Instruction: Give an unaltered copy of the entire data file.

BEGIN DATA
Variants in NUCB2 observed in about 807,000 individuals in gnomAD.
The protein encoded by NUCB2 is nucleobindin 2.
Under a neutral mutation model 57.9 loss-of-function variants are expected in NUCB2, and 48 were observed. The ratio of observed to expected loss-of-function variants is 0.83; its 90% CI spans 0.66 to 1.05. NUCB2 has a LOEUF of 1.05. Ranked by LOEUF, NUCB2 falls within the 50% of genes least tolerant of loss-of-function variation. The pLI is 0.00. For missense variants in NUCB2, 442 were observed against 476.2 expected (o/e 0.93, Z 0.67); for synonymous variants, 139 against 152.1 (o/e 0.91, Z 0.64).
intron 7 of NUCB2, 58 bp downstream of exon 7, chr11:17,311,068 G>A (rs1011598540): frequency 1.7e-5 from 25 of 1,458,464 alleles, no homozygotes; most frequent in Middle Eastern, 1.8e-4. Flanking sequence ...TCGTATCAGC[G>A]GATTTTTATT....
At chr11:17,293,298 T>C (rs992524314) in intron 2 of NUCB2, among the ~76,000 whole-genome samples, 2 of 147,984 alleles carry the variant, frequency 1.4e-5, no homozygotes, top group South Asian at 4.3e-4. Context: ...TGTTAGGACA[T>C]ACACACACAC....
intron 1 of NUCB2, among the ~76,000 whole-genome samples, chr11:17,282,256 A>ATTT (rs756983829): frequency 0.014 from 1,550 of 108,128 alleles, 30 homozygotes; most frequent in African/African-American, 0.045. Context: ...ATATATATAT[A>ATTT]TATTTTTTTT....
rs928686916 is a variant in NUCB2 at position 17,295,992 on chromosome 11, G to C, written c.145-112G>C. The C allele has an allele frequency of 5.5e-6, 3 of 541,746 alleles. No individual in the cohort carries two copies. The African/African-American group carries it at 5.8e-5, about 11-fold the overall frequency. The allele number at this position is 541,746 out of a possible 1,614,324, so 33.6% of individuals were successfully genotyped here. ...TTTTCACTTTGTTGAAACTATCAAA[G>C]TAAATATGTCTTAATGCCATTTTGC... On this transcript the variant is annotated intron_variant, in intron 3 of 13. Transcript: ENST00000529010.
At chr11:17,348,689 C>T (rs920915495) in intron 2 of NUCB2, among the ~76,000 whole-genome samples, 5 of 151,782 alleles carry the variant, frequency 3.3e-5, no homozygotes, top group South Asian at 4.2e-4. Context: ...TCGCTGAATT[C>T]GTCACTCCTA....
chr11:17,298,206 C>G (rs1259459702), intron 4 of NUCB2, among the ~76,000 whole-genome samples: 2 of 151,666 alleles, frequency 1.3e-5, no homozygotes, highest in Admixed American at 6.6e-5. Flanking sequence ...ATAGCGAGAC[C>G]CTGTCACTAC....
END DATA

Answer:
Variants in NUCB2 observed in about 807,000 individuals in gnomAD.
The protein encoded by NUCB2 is nucleobindin 2.
Under a neutral mutation model 57.9 loss-of-function variants are expected in NUCB2, and 48 were observed. The ratio of observed to expected loss-of-function variants is 0.83; its 90% CI spans 0.66 to 1.05. NUCB2 has a LOEUF of 1.05. Ranked by LOEUF, NUCB2 falls within the 50% of genes least tolerant of loss-of-function variation. The pLI is 0.00. For missense variants in NUCB2, 442 were observed against 476.2 expected (o/e 0.93, Z 0.67); for synonymous variants, 139 against 152.1 (o/e 0.91, Z 0.64).
intron 7 of NUCB2, 58 bp downstream of exon 7, chr11:17,311,068 G>A (rs1011598540): frequency 1.7e-5 from 25 of 1,458,464 alleles, no homozygotes; most frequent in Middle Eastern, 1.8e-4. Flanking sequence ...TCGTATCAGC[G>A]GATTTTTATT....
At chr11:17,293,298 T>C (rs992524314) in intron 2 of NUCB2, among the ~76,000 whole-genome samples, 2 of 147,984 alleles carry the variant, frequency 1.4e-5, no homozygotes, top group South Asian at 4.3e-4. Context: ...TGTTAGGACA[T>C]ACACACACAC....
intron 1 of NUCB2, among the ~76,000 whole-genome samples, chr11:17,282,256 A>ATTT (rs756983829): frequency 0.014 from 1,550 of 108,128 alleles, 30 homozygotes; most frequent in African/African-American, 0.045. Context: ...ATATATATAT[A>ATTT]TATTTTTTTT....
rs928686916 is a variant in NUCB2 at position 17,295,992 on chromosome 11, G to C, written c.145-112G>C. The C allele has an allele frequency of 5.5e-6, 3 of 541,746 alleles. No individual in the cohort carries two copies. The African/African-American group carries it at 5.8e-5, about 11-fold the overall frequency. The allele number at this position is 541,746 out of a possible 1,614,324, so 33.6% of individuals were successfully genotyped here. ...TTTTCACTTTGTTGAAACTATCAAA[G>C]TAAATATGTCTTAATGCCATTTTGC... On this transcript the variant is annotated intron_variant, in intron 3 of 13. Transcript: ENST00000529010.
At chr11:17,348,689 C>T (rs920915495) in intron 2 of NUCB2, among the ~76,000 whole-genome samples, 5 of 151,782 alleles carry the variant, frequency 3.3e-5, no homozygotes, top group South Asian at 4.2e-4. Context: ...TCGCTGAATT[C>T]GTCACTCCTA....
chr11:17,298,206 C>G (rs1259459702), intron 4 of NUCB2, among the ~76,000 whole-genome samples: 2 of 151,666 alleles, frequency 1.3e-5, no homozygotes, highest in Admixed American at 6.6e-5. Flanking sequence ...ATAGCGAGAC[C>G]CTGTCACTAC....